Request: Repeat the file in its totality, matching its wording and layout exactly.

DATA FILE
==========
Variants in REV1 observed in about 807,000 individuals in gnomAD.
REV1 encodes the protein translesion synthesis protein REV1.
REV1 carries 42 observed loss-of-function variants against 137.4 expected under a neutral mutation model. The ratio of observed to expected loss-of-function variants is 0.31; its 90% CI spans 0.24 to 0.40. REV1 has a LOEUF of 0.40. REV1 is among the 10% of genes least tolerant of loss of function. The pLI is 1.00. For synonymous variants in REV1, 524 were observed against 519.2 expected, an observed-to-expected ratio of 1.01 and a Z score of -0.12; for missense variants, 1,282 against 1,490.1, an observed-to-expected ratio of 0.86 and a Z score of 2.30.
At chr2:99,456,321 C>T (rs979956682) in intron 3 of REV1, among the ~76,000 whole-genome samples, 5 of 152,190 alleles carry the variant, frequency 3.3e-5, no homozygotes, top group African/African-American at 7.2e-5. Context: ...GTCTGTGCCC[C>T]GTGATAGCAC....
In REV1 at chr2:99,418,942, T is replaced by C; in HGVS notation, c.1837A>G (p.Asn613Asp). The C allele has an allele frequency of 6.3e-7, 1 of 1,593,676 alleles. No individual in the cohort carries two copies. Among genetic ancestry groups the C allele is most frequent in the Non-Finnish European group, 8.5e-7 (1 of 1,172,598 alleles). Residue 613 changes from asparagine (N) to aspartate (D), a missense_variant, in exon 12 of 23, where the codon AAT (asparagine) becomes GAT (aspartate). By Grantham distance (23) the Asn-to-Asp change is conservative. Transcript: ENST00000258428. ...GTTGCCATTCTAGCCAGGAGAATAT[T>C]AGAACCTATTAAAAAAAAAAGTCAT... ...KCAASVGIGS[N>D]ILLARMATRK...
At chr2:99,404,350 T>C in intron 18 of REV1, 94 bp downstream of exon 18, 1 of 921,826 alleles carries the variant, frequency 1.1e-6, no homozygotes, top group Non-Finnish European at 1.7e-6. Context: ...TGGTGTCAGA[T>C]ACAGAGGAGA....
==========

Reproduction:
Variants in REV1 observed in about 807,000 individuals in gnomAD.
REV1 encodes the protein translesion synthesis protein REV1.
REV1 carries 42 observed loss-of-function variants against 137.4 expected under a neutral mutation model. The ratio of observed to expected loss-of-function variants is 0.31; its 90% CI spans 0.24 to 0.40. REV1 has a LOEUF of 0.40. REV1 is among the 10% of genes least tolerant of loss of function. The pLI is 1.00. For synonymous variants in REV1, 524 were observed against 519.2 expected, an observed-to-expected ratio of 1.01 and a Z score of -0.12; for missense variants, 1,282 against 1,490.1, an observed-to-expected ratio of 0.86 and a Z score of 2.30.
At chr2:99,456,321 C>T (rs979956682) in intron 3 of REV1, among the ~76,000 whole-genome samples, 5 of 152,190 alleles carry the variant, frequency 3.3e-5, no homozygotes, top group African/African-American at 7.2e-5. Context: ...GTCTGTGCCC[C>T]GTGATAGCAC....
In REV1 at chr2:99,418,942, T is replaced by C; in HGVS notation, c.1837A>G (p.Asn613Asp). The C allele has an allele frequency of 6.3e-7, 1 of 1,593,676 alleles. No individual in the cohort carries two copies. Among genetic ancestry groups the C allele is most frequent in the Non-Finnish European group, 8.5e-7 (1 of 1,172,598 alleles). Residue 613 changes from asparagine (N) to aspartate (D), a missense_variant, in exon 12 of 23, where the codon AAT (asparagine) becomes GAT (aspartate). By Grantham distance (23) the Asn-to-Asp change is conservative. Transcript: ENST00000258428. ...GTTGCCATTCTAGCCAGGAGAATAT[T>C]AGAACCTATTAAAAAAAAAAGTCAT... ...KCAASVGIGS[N>D]ILLARMATRK...
At chr2:99,404,350 T>C in intron 18 of REV1, 94 bp downstream of exon 18, 1 of 921,826 alleles carries the variant, frequency 1.1e-6, no homozygotes, top group Non-Finnish European at 1.7e-6. Context: ...TGGTGTCAGA[T>C]ACAGAGGAGA....